Reid said he hopes he and Senate Minority Leader Mitch McConnellAddison (Mitch) Mitchell McConnellThe Hill's 12:30 Report: Trump orders more troops to Mideast amid Iran tensions What if 2020 election is disputed? Immigration bills move forward amid political upheaval MORE (R-Ky.) can agree to proceed to the bill Thursday; if not, a vote to proceed to the bill will take place Friday morning.

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Reid said he has ideas on how to better the bill, too.

“In my view, it’s not strong enough,” Reid said. “But it’s a tremendous move forward.”

Reid said he wants committees to start working on a list of amendments because the issue is critical to national security.

“Unless we do something, it’s not a question of if, it’s a question of when,” Reid said of the chances of a cyberattack.

Republicans have recently criticized Reid for not being more open during the amendment process.

The Cybersecurity Act aims to protect American from cyberattacks against the Web, electrical grid, banking systems, military operations, transportation networks and others.

S. 3414 was introduced by Sen. Joe Lieberman (I-Conn.) and is co-sponsored by Sens. Susan CollinsSusan Margaret CollinsThe Hill's Morning Report - Trump says no legislation until Dems end probes Collins offering bill to boost battery research as GOP pushes energy 'innovation' Biden says Congress must move to protect abortion rights MORE (R-Maine), Tom CarperThomas (Tom) Richard CarperOvernight Energy: Democrats push EPA to collect 4K in 'excessive' Pruitt travel expenses | Greens angered over new rules for rocket fuel chemical | Inslee to join youth climate strikers in Las Vegas Democrats push EPA to collect 4K from Pruitt for 'excessive airfare expenses' Overnight Energy: Democrats ask if EPA chief misled on vehicle emissions | Dem senators want NBC debate focused on climate change | 2020 hopeful John Delaney unveils T climate plan MORE (D-Del.), Dianne FeinsteinDianne Emiel FeinsteinFive takeaways from Barr's new powers in 'spying' probe Senate Democrats to House: Tamp down the impeachment talk Feinstein, Iranian foreign minister had dinner amid tensions: report MORE (D-Calif.), Jay RockefellerJohn (Jay) Davison RockefellerBottom Line World Health Day: It's time to fight preventable disease Lobbying World MORE (D-W.Va.) and Sheldon WhitehouseSheldon WhitehouseOvernight Energy: Democrats push EPA to collect 4K in 'excessive' Pruitt travel expenses | Greens angered over new rules for rocket fuel chemical | Inslee to join youth climate strikers in Las Vegas Democrats push EPA to collect 4K from Pruitt for 'excessive airfare expenses' Overnight Energy: Democrats ask if EPA chief misled on vehicle emissions | Dem senators want NBC debate focused on climate change | 2020 hopeful John Delaney unveils T climate plan MORE (D-R.I.).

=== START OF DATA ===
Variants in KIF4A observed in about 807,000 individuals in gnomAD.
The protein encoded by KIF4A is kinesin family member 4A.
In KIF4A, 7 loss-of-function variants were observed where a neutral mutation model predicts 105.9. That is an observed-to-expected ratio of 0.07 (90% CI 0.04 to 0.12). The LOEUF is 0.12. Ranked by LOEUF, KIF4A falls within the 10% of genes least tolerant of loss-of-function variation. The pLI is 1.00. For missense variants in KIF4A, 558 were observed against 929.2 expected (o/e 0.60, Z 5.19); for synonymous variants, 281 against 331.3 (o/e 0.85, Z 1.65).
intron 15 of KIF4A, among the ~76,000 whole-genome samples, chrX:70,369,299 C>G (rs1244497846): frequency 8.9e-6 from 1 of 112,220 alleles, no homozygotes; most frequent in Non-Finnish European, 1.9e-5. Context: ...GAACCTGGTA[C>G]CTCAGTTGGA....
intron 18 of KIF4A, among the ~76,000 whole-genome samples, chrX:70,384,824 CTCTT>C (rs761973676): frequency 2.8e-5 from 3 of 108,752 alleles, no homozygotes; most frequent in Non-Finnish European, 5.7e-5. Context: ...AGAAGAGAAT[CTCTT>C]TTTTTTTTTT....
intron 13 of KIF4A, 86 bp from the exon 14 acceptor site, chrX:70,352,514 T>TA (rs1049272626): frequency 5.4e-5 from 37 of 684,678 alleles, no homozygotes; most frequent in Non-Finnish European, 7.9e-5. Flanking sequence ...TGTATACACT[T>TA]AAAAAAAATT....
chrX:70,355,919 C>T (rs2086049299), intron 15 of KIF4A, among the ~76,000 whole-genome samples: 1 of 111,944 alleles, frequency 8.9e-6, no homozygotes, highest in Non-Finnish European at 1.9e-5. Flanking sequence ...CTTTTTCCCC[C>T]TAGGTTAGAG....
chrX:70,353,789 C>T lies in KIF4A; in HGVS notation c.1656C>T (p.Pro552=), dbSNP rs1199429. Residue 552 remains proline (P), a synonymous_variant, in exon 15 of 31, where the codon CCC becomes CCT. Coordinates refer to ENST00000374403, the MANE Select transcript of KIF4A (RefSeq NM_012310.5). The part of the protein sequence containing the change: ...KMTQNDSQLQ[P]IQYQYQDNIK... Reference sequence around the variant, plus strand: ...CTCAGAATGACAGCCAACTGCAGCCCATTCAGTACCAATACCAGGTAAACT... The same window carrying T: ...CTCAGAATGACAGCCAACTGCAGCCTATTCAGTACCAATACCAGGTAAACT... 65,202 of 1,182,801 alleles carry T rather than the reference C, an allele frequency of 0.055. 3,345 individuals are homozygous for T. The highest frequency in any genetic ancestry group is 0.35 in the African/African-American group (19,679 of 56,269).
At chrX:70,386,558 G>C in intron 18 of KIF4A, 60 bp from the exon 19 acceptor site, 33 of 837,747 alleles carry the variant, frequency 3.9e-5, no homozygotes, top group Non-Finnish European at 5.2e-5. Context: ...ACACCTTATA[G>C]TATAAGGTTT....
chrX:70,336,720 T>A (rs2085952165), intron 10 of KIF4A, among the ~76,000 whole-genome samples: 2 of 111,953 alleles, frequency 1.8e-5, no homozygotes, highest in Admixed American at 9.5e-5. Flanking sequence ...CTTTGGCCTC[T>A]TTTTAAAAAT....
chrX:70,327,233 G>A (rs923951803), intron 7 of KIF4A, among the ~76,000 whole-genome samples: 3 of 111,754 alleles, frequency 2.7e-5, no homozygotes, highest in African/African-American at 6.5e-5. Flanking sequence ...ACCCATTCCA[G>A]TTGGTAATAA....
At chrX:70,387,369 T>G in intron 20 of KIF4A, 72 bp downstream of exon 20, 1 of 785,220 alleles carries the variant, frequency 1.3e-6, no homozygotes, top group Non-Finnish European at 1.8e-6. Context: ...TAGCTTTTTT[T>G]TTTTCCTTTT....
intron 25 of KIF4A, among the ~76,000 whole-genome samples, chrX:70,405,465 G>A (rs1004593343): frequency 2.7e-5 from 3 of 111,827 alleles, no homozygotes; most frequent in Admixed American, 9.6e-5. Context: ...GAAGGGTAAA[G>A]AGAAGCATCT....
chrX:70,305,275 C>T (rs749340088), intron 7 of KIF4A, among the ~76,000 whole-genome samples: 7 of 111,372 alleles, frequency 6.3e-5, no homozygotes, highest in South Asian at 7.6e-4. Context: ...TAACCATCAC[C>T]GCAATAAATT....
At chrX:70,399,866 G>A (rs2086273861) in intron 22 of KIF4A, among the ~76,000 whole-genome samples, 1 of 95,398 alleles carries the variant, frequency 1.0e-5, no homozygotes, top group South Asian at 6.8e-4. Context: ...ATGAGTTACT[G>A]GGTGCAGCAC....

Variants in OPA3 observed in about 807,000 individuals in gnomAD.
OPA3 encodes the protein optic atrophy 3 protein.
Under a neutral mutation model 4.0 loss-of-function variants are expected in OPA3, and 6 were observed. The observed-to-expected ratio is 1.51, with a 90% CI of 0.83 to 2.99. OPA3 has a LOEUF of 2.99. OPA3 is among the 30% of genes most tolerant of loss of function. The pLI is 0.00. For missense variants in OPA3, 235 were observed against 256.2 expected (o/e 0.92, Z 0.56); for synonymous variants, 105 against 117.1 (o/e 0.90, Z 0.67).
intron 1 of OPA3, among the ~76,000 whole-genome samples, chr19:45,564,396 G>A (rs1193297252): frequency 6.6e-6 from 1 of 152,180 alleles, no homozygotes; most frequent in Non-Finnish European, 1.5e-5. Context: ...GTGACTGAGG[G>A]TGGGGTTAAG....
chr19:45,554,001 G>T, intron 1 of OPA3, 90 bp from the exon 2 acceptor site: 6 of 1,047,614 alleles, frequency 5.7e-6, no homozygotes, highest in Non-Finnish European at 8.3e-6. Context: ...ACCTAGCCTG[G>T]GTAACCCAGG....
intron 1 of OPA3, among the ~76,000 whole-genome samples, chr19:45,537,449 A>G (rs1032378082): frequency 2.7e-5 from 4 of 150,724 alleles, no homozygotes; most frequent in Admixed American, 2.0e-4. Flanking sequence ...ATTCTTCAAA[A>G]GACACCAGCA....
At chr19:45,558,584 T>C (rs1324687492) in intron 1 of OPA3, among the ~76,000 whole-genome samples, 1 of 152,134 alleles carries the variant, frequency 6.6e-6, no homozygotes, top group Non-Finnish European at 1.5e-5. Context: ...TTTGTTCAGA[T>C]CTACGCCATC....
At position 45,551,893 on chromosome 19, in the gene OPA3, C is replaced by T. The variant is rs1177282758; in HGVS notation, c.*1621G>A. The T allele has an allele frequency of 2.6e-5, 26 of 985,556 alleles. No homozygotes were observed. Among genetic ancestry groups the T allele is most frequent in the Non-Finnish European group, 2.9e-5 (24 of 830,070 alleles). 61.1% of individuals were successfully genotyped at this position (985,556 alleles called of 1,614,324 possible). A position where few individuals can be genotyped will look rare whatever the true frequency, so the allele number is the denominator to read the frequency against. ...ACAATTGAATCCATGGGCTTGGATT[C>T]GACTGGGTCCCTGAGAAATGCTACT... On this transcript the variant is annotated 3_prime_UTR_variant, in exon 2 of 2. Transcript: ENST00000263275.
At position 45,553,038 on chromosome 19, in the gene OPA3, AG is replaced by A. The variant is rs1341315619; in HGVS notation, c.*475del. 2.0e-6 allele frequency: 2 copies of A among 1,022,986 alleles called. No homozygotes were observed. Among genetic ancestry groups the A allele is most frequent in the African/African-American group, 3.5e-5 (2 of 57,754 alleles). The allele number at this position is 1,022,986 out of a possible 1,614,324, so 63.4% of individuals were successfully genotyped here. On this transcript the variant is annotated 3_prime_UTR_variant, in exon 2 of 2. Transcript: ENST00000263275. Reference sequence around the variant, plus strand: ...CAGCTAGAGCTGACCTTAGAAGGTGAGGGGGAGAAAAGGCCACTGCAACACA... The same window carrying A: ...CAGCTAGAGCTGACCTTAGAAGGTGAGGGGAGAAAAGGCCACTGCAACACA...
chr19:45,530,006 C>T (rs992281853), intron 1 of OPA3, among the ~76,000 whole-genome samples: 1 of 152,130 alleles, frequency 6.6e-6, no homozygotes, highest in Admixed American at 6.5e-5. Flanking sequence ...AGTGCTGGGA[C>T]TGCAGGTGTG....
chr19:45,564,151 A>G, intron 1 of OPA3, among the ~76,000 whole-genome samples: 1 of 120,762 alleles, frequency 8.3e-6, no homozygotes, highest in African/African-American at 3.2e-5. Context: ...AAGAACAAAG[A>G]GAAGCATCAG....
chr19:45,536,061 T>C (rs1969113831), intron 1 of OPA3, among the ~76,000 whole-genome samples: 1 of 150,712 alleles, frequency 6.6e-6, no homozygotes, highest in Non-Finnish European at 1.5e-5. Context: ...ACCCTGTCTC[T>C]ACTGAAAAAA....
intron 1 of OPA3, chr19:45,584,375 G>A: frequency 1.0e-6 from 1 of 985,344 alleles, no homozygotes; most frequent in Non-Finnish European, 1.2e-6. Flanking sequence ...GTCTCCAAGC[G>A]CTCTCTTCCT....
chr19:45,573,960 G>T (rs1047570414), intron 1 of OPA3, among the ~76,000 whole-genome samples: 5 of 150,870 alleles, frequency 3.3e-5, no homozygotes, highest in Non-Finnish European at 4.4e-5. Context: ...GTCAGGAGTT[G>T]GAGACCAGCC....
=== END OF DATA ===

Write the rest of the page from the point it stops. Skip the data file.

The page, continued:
“We must act and we must act now,” Collins said Wednesday. “We can’t afford to wait for a cyber 9/11 before taking action on this legislation.”

Lawmakers have been meeting this week to find common ground. Sen. John McCainJohn Sidney McCainClimate change is a GOP issue, too It's Joe Biden's 2020 presidential nomination to lose Meghan McCain on Pelosi-Trump feud: 'Put this crap aside' and 'work together for America' MORE (R-Ariz.) has introduced a competing bill, the Secure It Act.

When originally proposed, S. 3414 received pushback from industry groups and some lawmakers concerned about Internet privacy. But Collins said many changes have been made to the bill.

“We have revised our bill in a very substantial way,” Collins said, citing that many of the standards related to the private sector are now optional. “This shows a willingness to adopt changes and we’re still open to changes.”